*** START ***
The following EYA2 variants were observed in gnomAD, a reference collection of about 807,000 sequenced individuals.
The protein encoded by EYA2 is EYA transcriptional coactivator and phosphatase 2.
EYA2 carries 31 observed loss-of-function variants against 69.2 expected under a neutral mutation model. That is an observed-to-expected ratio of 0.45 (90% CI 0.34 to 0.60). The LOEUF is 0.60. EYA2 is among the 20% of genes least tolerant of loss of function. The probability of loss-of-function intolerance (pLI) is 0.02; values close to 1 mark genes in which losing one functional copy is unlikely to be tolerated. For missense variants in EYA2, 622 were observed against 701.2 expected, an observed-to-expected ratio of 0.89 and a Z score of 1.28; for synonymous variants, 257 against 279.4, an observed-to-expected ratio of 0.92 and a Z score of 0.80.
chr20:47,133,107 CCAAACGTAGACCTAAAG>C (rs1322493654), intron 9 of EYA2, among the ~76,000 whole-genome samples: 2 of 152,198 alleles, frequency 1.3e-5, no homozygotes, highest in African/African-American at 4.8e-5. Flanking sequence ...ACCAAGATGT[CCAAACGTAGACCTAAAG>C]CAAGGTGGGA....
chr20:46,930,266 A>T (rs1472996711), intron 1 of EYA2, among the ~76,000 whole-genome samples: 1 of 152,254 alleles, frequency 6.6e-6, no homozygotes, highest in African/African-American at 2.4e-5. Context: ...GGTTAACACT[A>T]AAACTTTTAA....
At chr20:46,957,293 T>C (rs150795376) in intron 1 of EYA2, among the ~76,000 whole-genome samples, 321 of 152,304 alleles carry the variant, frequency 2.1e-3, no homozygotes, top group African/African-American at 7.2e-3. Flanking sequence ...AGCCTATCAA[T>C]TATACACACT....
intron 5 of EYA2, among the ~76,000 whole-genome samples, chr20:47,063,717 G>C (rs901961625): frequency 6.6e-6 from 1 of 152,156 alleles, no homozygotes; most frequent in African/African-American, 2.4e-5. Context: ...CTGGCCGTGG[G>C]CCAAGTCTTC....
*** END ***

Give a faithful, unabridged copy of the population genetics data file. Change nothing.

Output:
The following EYA2 variants were observed in gnomAD, a reference collection of about 807,000 sequenced individuals.
The protein encoded by EYA2 is EYA transcriptional coactivator and phosphatase 2.
EYA2 carries 31 observed loss-of-function variants against 69.2 expected under a neutral mutation model. That is an observed-to-expected ratio of 0.45 (90% CI 0.34 to 0.60). The LOEUF is 0.60. EYA2 is among the 20% of genes least tolerant of loss of function. The probability of loss-of-function intolerance (pLI) is 0.02; values close to 1 mark genes in which losing one functional copy is unlikely to be tolerated. For missense variants in EYA2, 622 were observed against 701.2 expected, an observed-to-expected ratio of 0.89 and a Z score of 1.28; for synonymous variants, 257 against 279.4, an observed-to-expected ratio of 0.92 and a Z score of 0.80.
chr20:47,133,107 CCAAACGTAGACCTAAAG>C (rs1322493654), intron 9 of EYA2, among the ~76,000 whole-genome samples: 2 of 152,198 alleles, frequency 1.3e-5, no homozygotes, highest in African/African-American at 4.8e-5. Flanking sequence ...ACCAAGATGT[CCAAACGTAGACCTAAAG>C]CAAGGTGGGA....
chr20:46,930,266 A>T (rs1472996711), intron 1 of EYA2, among the ~76,000 whole-genome samples: 1 of 152,254 alleles, frequency 6.6e-6, no homozygotes, highest in African/African-American at 2.4e-5. Context: ...GGTTAACACT[A>T]AAACTTTTAA....
At chr20:46,957,293 T>C (rs150795376) in intron 1 of EYA2, among the ~76,000 whole-genome samples, 321 of 152,304 alleles carry the variant, frequency 2.1e-3, no homozygotes, top group African/African-American at 7.2e-3. Flanking sequence ...AGCCTATCAA[T>C]TATACACACT....
intron 5 of EYA2, among the ~76,000 whole-genome samples, chr20:47,063,717 G>C (rs901961625): frequency 6.6e-6 from 1 of 152,156 alleles, no homozygotes; most frequent in African/African-American, 2.4e-5. Context: ...CTGGCCGTGG[G>C]CCAAGTCTTC....